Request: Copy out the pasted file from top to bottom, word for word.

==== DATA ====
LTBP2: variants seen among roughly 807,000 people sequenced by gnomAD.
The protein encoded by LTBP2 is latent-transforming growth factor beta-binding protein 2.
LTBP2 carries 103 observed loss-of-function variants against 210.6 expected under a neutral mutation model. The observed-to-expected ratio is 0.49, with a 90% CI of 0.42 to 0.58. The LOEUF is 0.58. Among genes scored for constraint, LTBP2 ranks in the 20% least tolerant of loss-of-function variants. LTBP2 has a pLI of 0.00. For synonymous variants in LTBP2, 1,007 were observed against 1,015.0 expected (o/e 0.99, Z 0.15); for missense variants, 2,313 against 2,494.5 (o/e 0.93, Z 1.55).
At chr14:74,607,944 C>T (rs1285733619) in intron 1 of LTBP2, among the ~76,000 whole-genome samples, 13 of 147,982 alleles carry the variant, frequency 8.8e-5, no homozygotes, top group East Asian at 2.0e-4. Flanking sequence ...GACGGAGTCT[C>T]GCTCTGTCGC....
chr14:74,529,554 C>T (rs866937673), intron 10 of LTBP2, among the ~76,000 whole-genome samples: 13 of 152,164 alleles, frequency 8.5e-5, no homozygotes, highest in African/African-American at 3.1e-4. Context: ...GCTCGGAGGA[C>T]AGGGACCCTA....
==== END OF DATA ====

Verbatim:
LTBP2: variants seen among roughly 807,000 people sequenced by gnomAD.
The protein encoded by LTBP2 is latent-transforming growth factor beta-binding protein 2.
LTBP2 carries 103 observed loss-of-function variants against 210.6 expected under a neutral mutation model. The observed-to-expected ratio is 0.49, with a 90% CI of 0.42 to 0.58. The LOEUF is 0.58. Among genes scored for constraint, LTBP2 ranks in the 20% least tolerant of loss-of-function variants. LTBP2 has a pLI of 0.00. For synonymous variants in LTBP2, 1,007 were observed against 1,015.0 expected (o/e 0.99, Z 0.15); for missense variants, 2,313 against 2,494.5 (o/e 0.93, Z 1.55).
At chr14:74,607,944 C>T (rs1285733619) in intron 1 of LTBP2, among the ~76,000 whole-genome samples, 13 of 147,982 alleles carry the variant, frequency 8.8e-5, no homozygotes, top group East Asian at 2.0e-4. Flanking sequence ...GACGGAGTCT[C>T]GCTCTGTCGC....
chr14:74,529,554 C>T (rs866937673), intron 10 of LTBP2, among the ~76,000 whole-genome samples: 13 of 152,164 alleles, frequency 8.5e-5, no homozygotes, highest in African/African-American at 3.1e-4. Context: ...GCTCGGAGGA[C>T]AGGGACCCTA....